Gardening: Creating classroom connections
It is well known that in this age of technology children today are growing up with a much larger distance from the natural world than the generations before them. It is also well established through research that exposure to nature has distinctive benefits for youth, both social-emotionally and physically. As educators, we can bridge some of that gap through the experiences we create for students as part of our curriculum. One way to do this is to bring nature into the classroom through the creation of a classroom garden, creating curricular connections to multiple disciplines and to the real world.
Gardening has numerous curricular ties, from mathematics and science to art and social studies. Using your established learning goals, you can embed the creation, building and managing of a garden into your curriculum. We suggest including your students from the beginning to increase their buy-in and provide opportunities for them to develop and hone skills such as collaboration and problem solving. This article has broken down the creation of a garden down into four steps: site selection, plant selection, planting the garden, and daily care. Of course, all of this can be adapted based on your classroom situations. We just offer a starting point from which to build your curricular experience.
Site selection: Where you will be creating the garden is a key factor in the health and viability of keeping it going. Whether you are looking at an outdoor space or a corner in your classroom, doing your research here can pay off in the end and is a must before you select plants. One great way to do this is to have your students do a research study on the site(s) to gather data on amount of sunlight, temperature and soil type (if appropriate). This classroom work will include designing the research study (what will you look at), collecting the data, analyzing the data and presenting findings.
Plant selection: After you have learned about the environmental conditions of the space, you can then figure out what to plant there. Student research can look at how much light and water different plants need. It can also include looking at what type of soils/substrate would be ideal for growing different plants. Lastly it can also have the students create site plans of spacing, essentially mapping out the plants based on their needs for space as they grow. You could enrich this by taking a field trip to a garden center or invite a garden club to come and work with your students and be advisors as they design their garden plans. This also will engage the students in career exploration as they learn more about the field of horticulture.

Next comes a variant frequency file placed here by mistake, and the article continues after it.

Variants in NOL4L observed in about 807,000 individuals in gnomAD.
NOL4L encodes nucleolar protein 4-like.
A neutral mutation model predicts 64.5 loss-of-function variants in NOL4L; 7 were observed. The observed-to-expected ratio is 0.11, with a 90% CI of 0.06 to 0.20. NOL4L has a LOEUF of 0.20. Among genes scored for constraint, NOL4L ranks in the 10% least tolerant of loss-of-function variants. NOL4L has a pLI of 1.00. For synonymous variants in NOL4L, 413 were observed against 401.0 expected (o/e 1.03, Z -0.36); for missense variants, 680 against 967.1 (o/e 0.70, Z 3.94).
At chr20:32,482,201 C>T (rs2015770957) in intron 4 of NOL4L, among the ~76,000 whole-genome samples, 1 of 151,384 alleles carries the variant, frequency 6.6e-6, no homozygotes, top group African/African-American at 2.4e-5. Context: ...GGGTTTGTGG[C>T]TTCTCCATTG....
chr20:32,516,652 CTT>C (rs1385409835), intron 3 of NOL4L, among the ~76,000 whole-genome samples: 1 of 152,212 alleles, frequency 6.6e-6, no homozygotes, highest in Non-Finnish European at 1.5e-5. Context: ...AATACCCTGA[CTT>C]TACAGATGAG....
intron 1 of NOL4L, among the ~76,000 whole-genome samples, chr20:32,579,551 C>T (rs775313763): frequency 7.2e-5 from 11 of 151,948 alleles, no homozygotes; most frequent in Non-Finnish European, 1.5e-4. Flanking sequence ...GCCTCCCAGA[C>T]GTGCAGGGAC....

Planting: Once you have the plan of what plants you are going to use and have defined your site plan, then you get to plant. As part of planting, make sure the students use their plans and space the plants accordingly using the proper mathematical conversions.
Daily care: Creating a schedule of care should include watering, weeding and monitoring the health of plants. As the garden develops you can have the students measure the plants over time and graph the growth of different species or the same species in different locations in the garden. If you are growing vegetables, the students will also need to plan for the harvest as well as what they will do with their harvest. Explore ideas such as selling it at a local farmers market, using it in the school cafeteria or donating it to a local shelter or food bank.
Creating a garden can enhance your students’ learning, generate a sense of belonging, and engage your students in real world applications of the concepts you are studying in class. You can learn more about gardens on your next field trip to Zoo Atlanta by investigating our many specialized gardens, such as the native bird garden, the carnivorous plant garden and the pollinator garden. Or you can head to your nearest garden center for a bit of inspiration. Either way, spring is coming – let’s get growing!
Vice President of Education